From Zillow’s ‘Who We Are‘ page:
"Rich and Lloyd gathered together an experienced group of senior managers and board members to help get Zillow rolling. Great people tend to attract other passionate people, and a truly outstanding and constantly growing team was assembled around a simple, powerful idea in very short order. The team included real estate professionals for insight into the industry and statisticians to analyze those zillions of data points. We set up shop in downtown Seattle, Washington."
Of the 17 people listed, 9 are from Expedia (I suppose hotels and resorts are real estate) and only 1 (one) has any type of real estate background: "Gordon Stephenson is the co-founder and Managing Broker of Real Property Associates (RPA), one of the largest independent real estate brokerages in the Northwest. He oversees more than 40 agents and brokers in their sales activities, and continues to personally represent buyers and sellers."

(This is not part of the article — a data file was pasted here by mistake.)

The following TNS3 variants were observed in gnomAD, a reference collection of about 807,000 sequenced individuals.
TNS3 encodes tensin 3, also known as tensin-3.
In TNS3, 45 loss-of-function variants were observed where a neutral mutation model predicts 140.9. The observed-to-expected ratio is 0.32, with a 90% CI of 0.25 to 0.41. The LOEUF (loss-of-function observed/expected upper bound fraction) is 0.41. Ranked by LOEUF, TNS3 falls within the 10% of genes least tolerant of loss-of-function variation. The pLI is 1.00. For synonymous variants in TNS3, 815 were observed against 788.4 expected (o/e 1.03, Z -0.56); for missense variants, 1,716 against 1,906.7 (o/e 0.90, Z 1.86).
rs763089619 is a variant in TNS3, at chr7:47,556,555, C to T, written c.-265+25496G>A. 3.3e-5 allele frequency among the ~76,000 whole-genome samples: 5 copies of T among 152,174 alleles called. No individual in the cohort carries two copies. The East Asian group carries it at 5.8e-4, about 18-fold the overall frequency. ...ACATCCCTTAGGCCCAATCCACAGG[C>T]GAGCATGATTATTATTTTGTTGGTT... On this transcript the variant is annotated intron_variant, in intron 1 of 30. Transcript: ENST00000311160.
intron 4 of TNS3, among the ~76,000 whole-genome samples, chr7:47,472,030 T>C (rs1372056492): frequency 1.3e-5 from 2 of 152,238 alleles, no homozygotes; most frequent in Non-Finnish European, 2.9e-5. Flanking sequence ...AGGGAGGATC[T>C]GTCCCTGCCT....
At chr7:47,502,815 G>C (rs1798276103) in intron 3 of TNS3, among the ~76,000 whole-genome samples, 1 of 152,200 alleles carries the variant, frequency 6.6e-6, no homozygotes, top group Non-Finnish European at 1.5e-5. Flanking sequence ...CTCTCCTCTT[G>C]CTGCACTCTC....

Zillows marketing and technologist positions are as robust as they come, Microsoft would have a tough time trumping this crew. Call me a cynic, but it appears Gordon is simply propped up as a figurehead. Running a real estate office with 40 agents leaves little time to consult through the day to day grind that a senior industry guru position at Zillow assuredly requires. I’m sure Gordons a great guy that oozes real estate knowledge, alas he is just one man.
On to Trulias ‘Team Page‘: